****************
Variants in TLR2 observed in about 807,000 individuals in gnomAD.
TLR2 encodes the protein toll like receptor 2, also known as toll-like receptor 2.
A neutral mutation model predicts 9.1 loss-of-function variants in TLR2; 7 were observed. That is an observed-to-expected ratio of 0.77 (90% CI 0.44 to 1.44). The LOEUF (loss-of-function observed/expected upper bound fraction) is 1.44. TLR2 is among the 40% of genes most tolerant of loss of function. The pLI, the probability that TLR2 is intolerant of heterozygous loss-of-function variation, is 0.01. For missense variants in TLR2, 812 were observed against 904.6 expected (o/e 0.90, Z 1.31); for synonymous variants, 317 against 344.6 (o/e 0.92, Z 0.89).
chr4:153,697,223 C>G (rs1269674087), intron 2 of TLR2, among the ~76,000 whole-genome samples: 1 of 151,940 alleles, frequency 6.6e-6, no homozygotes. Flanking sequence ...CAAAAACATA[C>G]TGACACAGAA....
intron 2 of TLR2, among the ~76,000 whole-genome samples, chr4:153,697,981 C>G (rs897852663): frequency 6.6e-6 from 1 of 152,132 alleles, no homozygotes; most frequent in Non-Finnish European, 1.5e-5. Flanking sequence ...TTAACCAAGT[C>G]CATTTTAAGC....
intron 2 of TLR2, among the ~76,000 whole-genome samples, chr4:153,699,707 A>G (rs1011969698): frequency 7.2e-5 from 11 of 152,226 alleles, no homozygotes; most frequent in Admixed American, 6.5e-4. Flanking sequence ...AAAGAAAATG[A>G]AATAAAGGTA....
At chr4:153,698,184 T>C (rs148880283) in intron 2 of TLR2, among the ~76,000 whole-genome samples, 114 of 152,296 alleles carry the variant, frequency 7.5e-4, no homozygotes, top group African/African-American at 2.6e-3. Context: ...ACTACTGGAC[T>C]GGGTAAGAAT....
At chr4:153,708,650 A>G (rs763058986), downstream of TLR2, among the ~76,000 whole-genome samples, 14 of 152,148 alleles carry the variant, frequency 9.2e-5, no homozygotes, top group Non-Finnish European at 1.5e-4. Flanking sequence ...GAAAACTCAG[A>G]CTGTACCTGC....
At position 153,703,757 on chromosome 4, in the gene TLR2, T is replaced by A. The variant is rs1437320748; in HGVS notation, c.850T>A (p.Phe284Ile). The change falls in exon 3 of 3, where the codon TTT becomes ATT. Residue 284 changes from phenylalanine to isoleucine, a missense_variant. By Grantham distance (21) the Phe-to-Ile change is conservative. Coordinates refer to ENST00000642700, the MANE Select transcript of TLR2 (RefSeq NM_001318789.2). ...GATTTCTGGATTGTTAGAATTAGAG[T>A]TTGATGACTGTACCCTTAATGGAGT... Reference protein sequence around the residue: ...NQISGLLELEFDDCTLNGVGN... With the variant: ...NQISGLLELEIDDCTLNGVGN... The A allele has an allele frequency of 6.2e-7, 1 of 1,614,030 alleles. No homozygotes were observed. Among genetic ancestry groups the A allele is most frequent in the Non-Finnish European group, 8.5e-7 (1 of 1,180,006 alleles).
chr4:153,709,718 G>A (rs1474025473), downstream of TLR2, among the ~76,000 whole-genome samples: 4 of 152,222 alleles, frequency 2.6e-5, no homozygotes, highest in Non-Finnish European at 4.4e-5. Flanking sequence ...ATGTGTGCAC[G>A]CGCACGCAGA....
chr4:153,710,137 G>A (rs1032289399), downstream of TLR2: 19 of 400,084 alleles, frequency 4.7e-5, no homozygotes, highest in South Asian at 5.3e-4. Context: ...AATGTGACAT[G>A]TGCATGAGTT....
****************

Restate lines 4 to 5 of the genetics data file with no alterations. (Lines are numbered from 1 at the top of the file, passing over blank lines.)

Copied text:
chr4:153,697,223 C>G (rs1269674087), intron 2 of TLR2, among the ~76,000 whole-genome samples: 1 of 151,940 alleles, frequency 6.6e-6, no homozygotes. Flanking sequence ...CAAAAACATA[C>G]TGACACAGAA....
intron 2 of TLR2, among the ~76,000 whole-genome samples, chr4:153,697,981 C>G (rs897852663): frequency 6.6e-6 from 1 of 152,132 alleles, no homozygotes; most frequent in Non-Finnish European, 1.5e-5. Flanking sequence ...TTAACCAAGT[C>G]CATTTTAAGC....